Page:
Write Maintainable CodeHere’s another over-generalization: People in academia don’t have to live with the code they write. This was certainly true for the majority of my professors. I remember one case in particular. One day in class, a professor wrote a very long and complicated looking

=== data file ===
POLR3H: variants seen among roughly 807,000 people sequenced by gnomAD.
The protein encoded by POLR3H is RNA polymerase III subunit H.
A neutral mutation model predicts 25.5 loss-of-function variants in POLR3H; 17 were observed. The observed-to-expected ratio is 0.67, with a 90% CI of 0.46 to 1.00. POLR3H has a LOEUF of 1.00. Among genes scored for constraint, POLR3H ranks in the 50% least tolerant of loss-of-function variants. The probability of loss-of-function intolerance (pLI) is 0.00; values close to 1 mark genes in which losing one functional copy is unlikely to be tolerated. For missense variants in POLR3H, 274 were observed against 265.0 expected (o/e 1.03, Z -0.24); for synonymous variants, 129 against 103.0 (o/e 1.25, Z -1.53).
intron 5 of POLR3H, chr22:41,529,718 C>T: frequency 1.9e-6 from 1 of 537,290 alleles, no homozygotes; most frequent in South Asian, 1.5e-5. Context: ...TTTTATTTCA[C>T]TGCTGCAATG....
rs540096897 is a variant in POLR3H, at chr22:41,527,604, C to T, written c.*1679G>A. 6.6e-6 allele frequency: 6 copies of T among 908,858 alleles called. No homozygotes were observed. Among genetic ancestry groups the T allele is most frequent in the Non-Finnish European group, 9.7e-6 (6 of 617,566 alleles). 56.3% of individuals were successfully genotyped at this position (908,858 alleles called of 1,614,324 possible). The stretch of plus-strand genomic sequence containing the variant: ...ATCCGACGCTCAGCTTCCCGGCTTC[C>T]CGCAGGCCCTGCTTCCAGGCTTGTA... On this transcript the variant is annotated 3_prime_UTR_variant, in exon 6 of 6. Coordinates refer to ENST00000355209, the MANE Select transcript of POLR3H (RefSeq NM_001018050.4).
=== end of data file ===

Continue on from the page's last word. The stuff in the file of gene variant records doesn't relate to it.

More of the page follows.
forloop on the blackboard. The loop was peculiar because it didn’t have a body. All it had were the counter variable, the iteration condition, and the limit. After having us stare at it for a while, he gleefully explained that this loop reversed a linked list. That’s right, all of the logic required to traverse and reverse a linked list was cleverly embedded in the loop condition. Needless to say, this code was as comprehensible as it was debuggable: not at all. Yet our professor wasn’t the least bit bothered by either of those realities. On the contrary, he was proud of his cleverness. To make things worse, this episode had a pretty negative impact on my coding style, though I didn’t realize it at the time. I kept trying to write “clever” code (no matter how obtuse), because that’s what I thought was important. When you don’t have to live with the code you write, making it maintainable is not a big concern. On the other hand, as a working engineer, all you do is fix and enhance the same code base. Therefore, maintainability matters a lot more than pretty much everything else: performance, cleverness, etc.
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